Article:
Unknown to most people, science has proven a link between birth control and vitamin deficiencies. If you ask a woman who is menstruating if she is taking birth control pills, chances are (more than 60%) her answer is yes. And while women take birth control for a variety of personal reasons, the side effects are relatively confusing. As it turns out, birth control pills can affect your body’s ability to absorb nutrients. In turn, this causes changes in mood, energy levels, and neurological functions.
Not surprisingly, this can have long-term effects including improving your cellular health before you start actively trying to conceive. Today, we’re uncovering the truth about birth control and vitamin deficiencies. Let’s get straight to the point.
Featured image of Kristen Kilpatrick.
Why do women take birth control pills?
The answers are different. For most people, the Pill is a convenient and easy way to prevent pregnancy. They are also used to help treat symptoms and control certain medical conditions. Think: PCOS, PMDD, and endometriosis. Finally, research shows they may offer other benefits, like reducing acne, reducing menstrual pain, and alleviating PMS symptoms. And of course, they provide menstruating men with more organs in their body.
How do birth control pills work?
Before we fall into a vitamin deficiency, it’s important to explain how active pill. Depending on the synthetic hormone, oral contraceptives prevent pregnancy by stopping or reducing ovulation, thickening cervical mucus to keep sperm from entering the uterus, or thinning the lining of the uterus so a fertilized egg is less likely to be fertilized. clinging ability.
Spoiler alert: You don’t get your period on the pill
If this is news to you, trust that you are not alone. Most women don’t know that when you use birth control, you won’t have a period. Whether you bleed once a month, every few months, or notice occasional bleeding, you still haven’t had a period. The reason is, the bleeding that occurs when you take the pill is not the same as your period.
Your “period”—on the pill—is called withdrawal bleeding. This refers to the withdrawal of hormones in your particular pill and in your body. The drop in hormone levels causes the lining of your uterus to shed. In your turn, you bleed. Understanding this is very important. After all, having regular periods (no withdrawal bleeding) is vitally important to your overall health — not just now, but in the future.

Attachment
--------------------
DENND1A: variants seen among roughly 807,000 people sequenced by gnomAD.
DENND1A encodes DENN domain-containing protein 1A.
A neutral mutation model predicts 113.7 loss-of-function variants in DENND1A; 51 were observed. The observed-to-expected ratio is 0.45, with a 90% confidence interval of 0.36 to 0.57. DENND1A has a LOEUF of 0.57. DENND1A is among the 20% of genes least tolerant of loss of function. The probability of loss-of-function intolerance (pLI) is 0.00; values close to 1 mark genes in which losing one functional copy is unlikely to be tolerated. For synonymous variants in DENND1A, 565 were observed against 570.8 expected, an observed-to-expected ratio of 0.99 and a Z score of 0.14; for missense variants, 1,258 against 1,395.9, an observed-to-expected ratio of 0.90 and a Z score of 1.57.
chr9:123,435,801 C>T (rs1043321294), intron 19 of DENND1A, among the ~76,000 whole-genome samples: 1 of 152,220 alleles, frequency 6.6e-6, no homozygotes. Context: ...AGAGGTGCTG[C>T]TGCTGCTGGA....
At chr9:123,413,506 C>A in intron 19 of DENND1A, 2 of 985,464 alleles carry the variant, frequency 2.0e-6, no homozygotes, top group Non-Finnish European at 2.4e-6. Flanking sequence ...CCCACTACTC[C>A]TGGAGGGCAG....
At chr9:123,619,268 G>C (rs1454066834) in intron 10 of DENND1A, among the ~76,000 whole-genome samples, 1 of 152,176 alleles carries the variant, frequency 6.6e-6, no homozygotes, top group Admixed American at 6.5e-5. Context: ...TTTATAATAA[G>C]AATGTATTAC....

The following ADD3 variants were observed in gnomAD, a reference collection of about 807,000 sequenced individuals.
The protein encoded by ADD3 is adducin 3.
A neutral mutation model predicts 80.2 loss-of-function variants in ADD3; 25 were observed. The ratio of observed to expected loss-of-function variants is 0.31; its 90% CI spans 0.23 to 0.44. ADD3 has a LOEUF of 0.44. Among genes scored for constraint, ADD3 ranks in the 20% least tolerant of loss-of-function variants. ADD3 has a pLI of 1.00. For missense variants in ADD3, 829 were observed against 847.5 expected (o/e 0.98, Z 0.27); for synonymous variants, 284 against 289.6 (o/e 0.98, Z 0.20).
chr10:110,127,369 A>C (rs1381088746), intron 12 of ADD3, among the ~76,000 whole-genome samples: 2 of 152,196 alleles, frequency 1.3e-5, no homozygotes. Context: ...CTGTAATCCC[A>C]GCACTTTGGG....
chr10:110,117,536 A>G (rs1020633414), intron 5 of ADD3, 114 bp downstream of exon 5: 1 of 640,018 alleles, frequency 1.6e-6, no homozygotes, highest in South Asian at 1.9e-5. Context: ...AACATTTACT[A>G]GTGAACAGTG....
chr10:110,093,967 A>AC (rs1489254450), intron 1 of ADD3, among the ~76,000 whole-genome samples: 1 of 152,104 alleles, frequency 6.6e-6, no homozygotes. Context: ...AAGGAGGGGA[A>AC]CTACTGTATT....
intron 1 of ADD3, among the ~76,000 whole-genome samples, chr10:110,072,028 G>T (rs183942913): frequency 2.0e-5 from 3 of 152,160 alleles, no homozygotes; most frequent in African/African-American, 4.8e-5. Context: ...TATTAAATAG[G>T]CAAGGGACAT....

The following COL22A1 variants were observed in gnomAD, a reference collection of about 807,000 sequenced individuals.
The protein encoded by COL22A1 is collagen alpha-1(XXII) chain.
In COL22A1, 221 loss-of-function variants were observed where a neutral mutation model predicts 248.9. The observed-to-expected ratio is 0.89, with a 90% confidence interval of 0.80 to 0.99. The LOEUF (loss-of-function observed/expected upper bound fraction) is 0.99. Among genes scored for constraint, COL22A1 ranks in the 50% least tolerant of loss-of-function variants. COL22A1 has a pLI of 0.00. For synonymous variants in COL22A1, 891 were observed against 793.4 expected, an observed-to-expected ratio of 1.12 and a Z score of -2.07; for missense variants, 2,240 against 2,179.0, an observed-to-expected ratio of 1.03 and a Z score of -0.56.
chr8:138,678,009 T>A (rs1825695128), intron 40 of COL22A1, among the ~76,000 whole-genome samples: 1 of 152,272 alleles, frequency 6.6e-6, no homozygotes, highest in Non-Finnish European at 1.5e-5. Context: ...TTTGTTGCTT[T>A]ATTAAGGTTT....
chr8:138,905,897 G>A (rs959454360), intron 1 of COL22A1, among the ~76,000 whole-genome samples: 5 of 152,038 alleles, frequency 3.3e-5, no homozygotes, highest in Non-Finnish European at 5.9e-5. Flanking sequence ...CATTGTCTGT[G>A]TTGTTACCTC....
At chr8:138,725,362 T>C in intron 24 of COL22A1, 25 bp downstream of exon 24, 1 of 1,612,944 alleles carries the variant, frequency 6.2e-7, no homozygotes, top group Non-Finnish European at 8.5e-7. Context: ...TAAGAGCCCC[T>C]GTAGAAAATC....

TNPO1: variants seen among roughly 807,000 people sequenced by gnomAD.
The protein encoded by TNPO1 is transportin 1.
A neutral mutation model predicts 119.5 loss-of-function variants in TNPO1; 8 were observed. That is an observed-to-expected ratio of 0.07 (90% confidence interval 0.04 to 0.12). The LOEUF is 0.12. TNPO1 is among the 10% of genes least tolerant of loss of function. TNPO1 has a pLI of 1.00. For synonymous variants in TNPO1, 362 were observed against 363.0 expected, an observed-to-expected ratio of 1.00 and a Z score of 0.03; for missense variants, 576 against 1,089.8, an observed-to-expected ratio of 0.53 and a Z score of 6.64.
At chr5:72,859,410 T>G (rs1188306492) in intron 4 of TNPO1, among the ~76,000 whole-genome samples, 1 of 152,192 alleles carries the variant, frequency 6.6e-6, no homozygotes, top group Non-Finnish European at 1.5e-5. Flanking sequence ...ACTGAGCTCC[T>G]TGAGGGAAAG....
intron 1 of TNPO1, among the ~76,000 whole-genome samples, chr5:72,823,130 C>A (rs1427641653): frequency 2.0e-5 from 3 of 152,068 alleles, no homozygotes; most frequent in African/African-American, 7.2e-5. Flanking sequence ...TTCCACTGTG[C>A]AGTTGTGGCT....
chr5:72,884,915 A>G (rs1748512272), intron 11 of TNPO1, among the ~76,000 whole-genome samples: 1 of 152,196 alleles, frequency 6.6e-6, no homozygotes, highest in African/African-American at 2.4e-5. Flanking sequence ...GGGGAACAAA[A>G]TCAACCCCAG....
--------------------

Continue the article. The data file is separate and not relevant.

Learn more about your menstrual cycle, here.
Side effects of taking birth control pills
Despite the claimed benefits of birth control, there are downsides. For example, the link between birth control and vitamin deficiencies. More on that, shortly. It is not uncommon for some women to experience side effects when they start taking the pill. Unfortunately, we’re still waiting for science to catch up. At any rate, we have some data, indicating the following potential side effects:
- Nutritional deficiencies
- Breast tenderness or swelling
- Irritability or moodiness
- Spotting between periods (irregular periods)
Talk to your doctor if you experience any of these side effects. Or, let’s take a more holistic approach together to birth control, balancing your hormones, and more.
Vitamins and minerals at risk of deficiency
When it comes to nutrient deficiencies caused by birth control, research says a lot. Clinical studies show that the main vitamins and minerals at risk of becoming deficient — while taking medications — include B vitamins, vitamin C, vitamin E, magnesium, selenium, and zinc. Here are potential signs of a vitamin deficiency for each nutrient, as well as foods and supplements to boost your levels.
B Vitamins (Including Folate)
B vitamins are very important, especially during early pregnancy. Studies reveal that oral tablets can impair folate metabolism, along with other B vitamins. Another study dating back to the 1970s found that the pill increased the risk of vitamin B2 deficiency in women. Foods with folate — and other B vitamins — include milk, eggs, meat, green vegetables, fortified breads and cereals.
Signs of a deficiency: anemia, fatigue, dry skin, neuropathy, brain fog, depression and asthenia.
Birth control pills have been shown to reduce levels of ascorbic acid, aka vitamin C. Remember to eat citrus, bell peppers, strawberries, tomatoes, and cruciferous vegetables.
Signs of a deficiency: fatigue, irritability, easy bruising and a suppressed immune system.
Vitamin E is a potent antioxidant, essential for proper immune system function. Unfortunately, oral tablets reduce plasma levels of Vitamin E in healthy women. You’ll find vitamin E in vegetable oils, nuts, seeds, fruits, and vegetables.
Signs of a deficiency: muscle weakness, weakened immune system and nerve problems.
Magnesium is an essential mineral, important for energy production. It also helps with more than 300 reactions in the body. Research shows that magnesium in the blood can be reduced by birth control pills. Dietary sources of magnesium include green leafy vegetables, fruits, nuts and seeds, legumes, and seafood.
Signs of a deficiency: cramps, aches and pains.
Selenium is important for helping antioxidants work better in the body and plays an important role in thyroid function. Studies indicate that birth control pills can interfere with the absorption of selenium in the body. Good food sources of selenium include Brazil nuts and animal protein.
Signs of a deficiency: thyroid problems, weakness, fatigue, skin/hair problems.
Zinc is an essential mineral, especially for sperm and egg health. Long-term studies show that women taking oral contraceptives have lower blood zinc levels. You can get zinc through seafood, animal protein, legumes, beans, cashews, eggs, and quinoa.
Signs of a deficiency: immune system deficiencies, skin and hair problems.